Advanced Gas cooled Reactor (AGR) fuels were reprocessed at Sellafield until 2018. The Nuclear Decommissioning Authority’s strategy for the remaining AGR fuel is to consolidate at Sellafield and store in appropriate ponds pending a government decision on whether to declare the fuels as waste for disposal , and dispose of accordingly. In AGR fuel, the uranium dioxide fuel pellets are clad with stainless steel to make fuel pins. A small proportion of this fuel is susceptible to the failure of the stainless-steel cladding due to intergranular stress corrosion cracking. While empirical evidence has shown that this can be prevented by using a corrosion inhibitor, Sellafield wanted to carry out further research to explore the potential contingency option of dry storage for the failed pins. One key area of interest is the efficacy of the drying process, that is determining the mass of water that can be removed by vacuum drying. This extraction is important to prevent water related chemical reactions with the spent fuel pellets occurring within the pin. However, quantifying the extracted water is complex. It is impractical to measure the tiny change in mass of a large pin assembly by weighing it. Conventionally, a humidity measurement could quantify the amount of water vapour in a known amount or volume of background gas. However, the process of continuous extraction, together with vacuum conditions, make this approach unviable as the volume of background gas is unknown. Sellafield approached NPL to provide a new technique to reliably quantify the amount of extracted water from failed spent fuel pins.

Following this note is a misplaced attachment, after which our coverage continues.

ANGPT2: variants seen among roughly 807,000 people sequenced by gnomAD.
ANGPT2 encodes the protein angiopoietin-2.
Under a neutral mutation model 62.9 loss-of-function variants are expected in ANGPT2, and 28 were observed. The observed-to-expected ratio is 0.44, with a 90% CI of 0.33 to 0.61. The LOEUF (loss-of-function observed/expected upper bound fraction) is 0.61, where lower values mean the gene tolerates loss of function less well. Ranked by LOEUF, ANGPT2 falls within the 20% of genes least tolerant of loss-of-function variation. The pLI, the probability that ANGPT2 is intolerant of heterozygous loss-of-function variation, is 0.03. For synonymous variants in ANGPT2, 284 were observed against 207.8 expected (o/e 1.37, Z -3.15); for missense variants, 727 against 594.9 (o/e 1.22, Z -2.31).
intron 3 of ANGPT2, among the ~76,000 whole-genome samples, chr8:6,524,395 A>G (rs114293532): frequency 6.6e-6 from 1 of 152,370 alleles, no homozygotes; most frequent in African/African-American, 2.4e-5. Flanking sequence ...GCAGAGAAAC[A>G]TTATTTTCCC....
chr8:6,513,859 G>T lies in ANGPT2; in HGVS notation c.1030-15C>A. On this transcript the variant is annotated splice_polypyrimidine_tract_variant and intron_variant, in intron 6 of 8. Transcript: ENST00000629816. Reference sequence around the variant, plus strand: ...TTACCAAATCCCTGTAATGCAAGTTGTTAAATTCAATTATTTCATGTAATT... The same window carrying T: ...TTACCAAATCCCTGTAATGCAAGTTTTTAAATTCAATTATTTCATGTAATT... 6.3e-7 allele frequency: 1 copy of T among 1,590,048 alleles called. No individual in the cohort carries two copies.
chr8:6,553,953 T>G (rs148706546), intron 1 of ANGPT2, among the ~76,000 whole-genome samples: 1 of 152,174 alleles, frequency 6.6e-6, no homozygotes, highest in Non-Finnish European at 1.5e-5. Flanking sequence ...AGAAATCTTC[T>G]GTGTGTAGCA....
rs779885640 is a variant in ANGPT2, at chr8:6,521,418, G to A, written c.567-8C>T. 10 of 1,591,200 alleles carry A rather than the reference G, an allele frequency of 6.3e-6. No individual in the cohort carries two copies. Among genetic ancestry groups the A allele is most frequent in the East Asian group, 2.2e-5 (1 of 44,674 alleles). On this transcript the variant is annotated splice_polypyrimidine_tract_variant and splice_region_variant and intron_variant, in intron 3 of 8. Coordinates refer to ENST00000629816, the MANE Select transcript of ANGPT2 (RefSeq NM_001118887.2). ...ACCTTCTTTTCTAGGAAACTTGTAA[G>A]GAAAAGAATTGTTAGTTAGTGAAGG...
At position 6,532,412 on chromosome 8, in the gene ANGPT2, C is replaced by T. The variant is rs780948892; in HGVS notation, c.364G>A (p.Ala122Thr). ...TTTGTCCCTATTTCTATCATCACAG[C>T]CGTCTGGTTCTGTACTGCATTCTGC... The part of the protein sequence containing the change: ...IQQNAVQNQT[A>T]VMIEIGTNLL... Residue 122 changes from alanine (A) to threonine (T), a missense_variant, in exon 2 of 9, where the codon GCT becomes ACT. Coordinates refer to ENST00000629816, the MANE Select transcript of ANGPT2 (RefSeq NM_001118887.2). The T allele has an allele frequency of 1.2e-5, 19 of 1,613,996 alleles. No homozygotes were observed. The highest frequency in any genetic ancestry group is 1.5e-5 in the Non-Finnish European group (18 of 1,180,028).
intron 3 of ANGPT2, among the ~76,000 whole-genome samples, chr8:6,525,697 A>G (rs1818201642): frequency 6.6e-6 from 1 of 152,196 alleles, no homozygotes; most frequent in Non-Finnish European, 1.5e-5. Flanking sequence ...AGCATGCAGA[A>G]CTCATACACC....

NPL worked with the National Nuclear Laboratory (NNL) to propose a new approach to evaluating the mass of extracted water from the AGR fuel pins. After eliminating various options, NPL identified a novel way of combining electrolytic measurements of water vapour together with mass-flow metering of the extracted gas mixture, in order to measure an integrated mass of extracted water. This involved adapting the use of a commercially available electrolytic hygrometer to operate at a range of sub-atmospheric pressures, and combining with
detailed testing at these conditions. NPL used a primary dew point generator to calibrate the humidity instrument in both air and helium.
Secondly, NPL generated a range of water vapour pressures in air at a range of sub-atmospheric pressures to characterise the hygrometer performance under the planned process conditions. These humidity capabilities, using NPL’s versatile multi-gas multi-pressure primary humidity generator, are at the leading edge of humidity testing and calibration.
The work has allowed NPL and NNL to propose a solution to a challenge in drying storage of spent nuclear fuel pins. As it is unable to be stored in standard storage systems, this drying of the AGR fuel, before long-term storage, will underpin the future management of the waste. The devised approach to measuring extracted water provides a new solution to a challenging measurement problem, with the advantage of building on an existing technology.
NPL’s highly specialised humidity facilities enabled the testing of the adapted use of the electrolytic hygrometer. This can be used to determine the quantity of extracted water from, and so facilitate the reliable storage of, spent fuel pins.